Bank of Canada Leaves Rate Unchanged as Oil Shock Fades

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Bank of Canada Governor Stephen Poloz
Bank of Canada Governor Stephen Poloz billed his January cut as “insurance” for the Group of Seven’s biggest crude exporter and since then reports on output, employment and housing have all beaten economist forecasts. Photographer: Cole Burston/Bloomberg

Bank of Canada Governor Stephen Poloz is becoming Canada’s leading optimist projecting a faster return to target on inflation amid a generally improving economy.

Growth will quicken to a 2.8 percent annualized pace in the third quarter, the central bank said Wednesday, exceeding all forecasts in a Bloomberg survey. Poloz kept the benchmark interest rate at 0.75 percent and said the positive side of the story will dominate in the second half, lifting inflation back to the 2 percent target almost a year ahead of schedule.

It’s a stark change from January, when Poloz shocked markets by cutting rates by a quarter point, a move he called “insurance” against the economic damage wrought by collapsing oil prices. He also told the Financial Times last month Canada’s economy was atrocious in the first quarter. The statement released by the bank Wednesday signaled the worst of the oil-price shock may be over, with improvements ranging from early signs of labor-market strength to gains in the non-energy exporting sector.

“Those positive signs are there and right now you can’t see them because the oil price shock has overwhelmed them,” Poloz said at a press conference in Ottawa. “We are confident that the story is taking place.”

Single Cut

Economists still say another rate cut is possible unless growth accelerates in the next few months. However today’s comments from Poloz prompted some traders to pare bets on more cuts. Derivative swaps show the chances of lower rates by the end of the year fell to about 45 percent, from about 56 percent yesterday.

The Governor’s reliance on the single rate cut contrasts with recent comments about “serial disappointment” in global demand, and would mark the first time in at least two decades the bank has moved just once after a shock.

“They firmly believe this will work wonders in bringing growth back,” said Jimmy Jean, a strategist in the fixed-income group at Desjardins Capital Markets in Montreal. “It makes you nervous: are we really going see that rebound in the expected timeframe or is it going to drag on?”

The bank reiterated the world’s 11th-largest economy will return to full output by the end of 2016, as the damage from oil “will be more front-loaded than predicted in January, but not larger,” policy makers said in a statement accompanying the rate decision. “Risks to the outlook for inflation are now roughly balanced and risks to financial stability appear to be evolving as expected.”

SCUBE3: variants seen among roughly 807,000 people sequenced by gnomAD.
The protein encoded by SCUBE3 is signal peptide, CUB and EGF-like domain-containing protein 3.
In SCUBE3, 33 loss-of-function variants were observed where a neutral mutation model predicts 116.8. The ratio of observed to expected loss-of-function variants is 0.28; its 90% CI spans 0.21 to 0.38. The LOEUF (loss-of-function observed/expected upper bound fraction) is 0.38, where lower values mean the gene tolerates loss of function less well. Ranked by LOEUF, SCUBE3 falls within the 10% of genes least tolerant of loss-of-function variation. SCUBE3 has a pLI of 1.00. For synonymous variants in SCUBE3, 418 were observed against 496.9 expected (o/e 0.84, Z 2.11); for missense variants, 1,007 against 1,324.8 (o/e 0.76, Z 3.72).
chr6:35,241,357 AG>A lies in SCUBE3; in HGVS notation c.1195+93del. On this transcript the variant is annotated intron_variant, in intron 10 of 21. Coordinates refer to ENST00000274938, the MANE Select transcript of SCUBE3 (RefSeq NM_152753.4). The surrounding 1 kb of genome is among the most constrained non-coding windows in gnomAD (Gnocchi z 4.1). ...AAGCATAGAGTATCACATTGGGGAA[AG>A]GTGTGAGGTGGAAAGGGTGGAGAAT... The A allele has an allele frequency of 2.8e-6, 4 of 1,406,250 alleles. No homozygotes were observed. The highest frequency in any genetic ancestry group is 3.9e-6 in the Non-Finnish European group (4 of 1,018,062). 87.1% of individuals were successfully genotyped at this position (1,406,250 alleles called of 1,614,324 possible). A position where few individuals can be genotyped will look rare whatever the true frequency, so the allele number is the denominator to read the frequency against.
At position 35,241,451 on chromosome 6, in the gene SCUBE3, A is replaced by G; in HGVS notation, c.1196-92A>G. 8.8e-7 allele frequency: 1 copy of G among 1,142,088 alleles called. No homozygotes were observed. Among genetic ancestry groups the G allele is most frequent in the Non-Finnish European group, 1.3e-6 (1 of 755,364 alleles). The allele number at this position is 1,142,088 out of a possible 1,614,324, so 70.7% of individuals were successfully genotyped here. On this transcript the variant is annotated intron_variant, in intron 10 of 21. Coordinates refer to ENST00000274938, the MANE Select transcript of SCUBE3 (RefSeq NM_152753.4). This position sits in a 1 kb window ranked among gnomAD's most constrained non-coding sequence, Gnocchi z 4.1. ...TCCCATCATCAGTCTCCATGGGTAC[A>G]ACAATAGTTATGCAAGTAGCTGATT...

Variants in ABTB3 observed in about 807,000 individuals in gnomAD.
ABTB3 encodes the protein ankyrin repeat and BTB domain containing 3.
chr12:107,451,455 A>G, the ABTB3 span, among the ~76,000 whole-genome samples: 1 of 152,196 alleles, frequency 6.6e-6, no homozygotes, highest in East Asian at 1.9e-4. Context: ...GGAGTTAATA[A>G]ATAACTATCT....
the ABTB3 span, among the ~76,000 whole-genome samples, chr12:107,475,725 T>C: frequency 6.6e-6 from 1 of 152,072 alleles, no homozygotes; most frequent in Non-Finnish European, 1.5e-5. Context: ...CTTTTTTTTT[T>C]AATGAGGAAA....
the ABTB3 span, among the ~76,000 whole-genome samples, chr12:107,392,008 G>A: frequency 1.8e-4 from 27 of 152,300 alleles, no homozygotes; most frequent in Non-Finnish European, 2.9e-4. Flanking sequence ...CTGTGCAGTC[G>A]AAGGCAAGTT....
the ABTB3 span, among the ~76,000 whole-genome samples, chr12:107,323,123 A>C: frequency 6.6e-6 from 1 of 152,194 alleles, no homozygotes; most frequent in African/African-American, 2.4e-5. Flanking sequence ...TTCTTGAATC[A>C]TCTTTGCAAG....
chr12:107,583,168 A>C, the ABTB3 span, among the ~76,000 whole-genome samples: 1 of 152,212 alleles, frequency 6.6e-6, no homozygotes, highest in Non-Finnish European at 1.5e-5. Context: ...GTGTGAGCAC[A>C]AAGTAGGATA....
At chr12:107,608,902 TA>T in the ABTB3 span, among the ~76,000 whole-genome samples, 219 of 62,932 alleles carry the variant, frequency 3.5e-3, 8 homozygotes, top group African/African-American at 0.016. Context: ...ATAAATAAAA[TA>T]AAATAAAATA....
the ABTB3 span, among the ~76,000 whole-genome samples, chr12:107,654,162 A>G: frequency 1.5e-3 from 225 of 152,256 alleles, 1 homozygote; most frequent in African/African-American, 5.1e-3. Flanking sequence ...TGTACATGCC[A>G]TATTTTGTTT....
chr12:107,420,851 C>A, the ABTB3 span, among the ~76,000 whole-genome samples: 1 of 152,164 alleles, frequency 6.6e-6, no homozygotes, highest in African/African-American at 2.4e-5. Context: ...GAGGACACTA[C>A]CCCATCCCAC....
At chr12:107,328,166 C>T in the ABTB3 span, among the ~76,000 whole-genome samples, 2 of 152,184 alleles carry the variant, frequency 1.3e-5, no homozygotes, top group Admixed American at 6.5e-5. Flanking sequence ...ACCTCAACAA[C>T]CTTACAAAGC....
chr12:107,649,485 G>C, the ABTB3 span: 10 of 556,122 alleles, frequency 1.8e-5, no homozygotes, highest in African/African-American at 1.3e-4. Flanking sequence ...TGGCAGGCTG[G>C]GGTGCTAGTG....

The bank cut its forecast for economic growth this year to 1.9 percent, from the 2.1 percent pace it predicted in January, on a drop in investment linked to cheaper oil. It lifted its outlook for 2016 growth to 2.5 percent, from 2.4 percent.

Dollar Reaction

Canada’s dollar reacted to Poloz’s change in tone, reversing losses after the 10 a.m. decision and climbing to the highest in two months. It traded 1.5 percent higher at C$1.2301 versus the U.S. dollar at 3:07 p.m. in Toronto. Canada’s dollar is still down 11 percent over the past year.

The yield on government benchmark two-year yields rose 5 basis points to 0.56 percent.

All 22 economists in a Bloomberg survey expected no change today, in contrast to the January cut that no one predicted.

“The jury is still out” on whether another rate cut is needed, said Mark Chandler, head of fixed-income research at RBC Capital Markets in Toronto. “It’s the data coming in that changes the ebb and flow” of future decisions, he said.

Canada joins Singapore, India and Australia among countries that are pausing after unexpected cuts earlier in the year. Poloz billed his January cut as “insurance” for the Group of Seven’s biggest crude exporter and since then reports on output, employment and housing have all beaten economist forecasts.

‘Atrocious’ Economy

Poloz’s previous statements about an economy that was weaker than it seemed provided fodder to opposition lawmakers to criticize Prime Minister Stephen Harper before elections in October. Harper has ruled out using government finances to spur economic growth. His Finance Minister Joe Oliver is scheduled to present the 2015-16 budget later this month.

Poloz put the past behind him Wednesday, cutting his estimate of first-quarter growth to zero from 1.5 percent and saying growth this quarter will reach 1.8 percent. Poloz’s first-quarter figure is below the 1.1 percent median estimate in a Bloomberg economy.

“Our outlook is for the positives to begin to reassert themselves during the second quarter, and to do so clearly in the second half of the year,” Poloz said at the press conference.

The drop in prices for crude oil, Canada’s biggest export, reduced real gross domestic income by 0.7 percent in the fourth quarter and the relative prices of exports to imports by 8 percent, the bank said today. Oil and gas investment will drop 30 percent this year, while non-energy investment will grow 7 percent over the next few years on average, the report said.

Downside Risks

To be sure, the bank said today that significant slack remains in the economy and oil prices could lead to problems beyond the first quarter. “Over the remainder of 2015, there continue to be important downside risks to oil prices, since it will take time for cuts in investment to be reflected in reduced production,” the bank said.

Housing markets in Alberta, home to the largest heavy oil deposits, are vulnerable to a correction, as are those in Toronto and Vancouver after “robust price growth,” the bank said.

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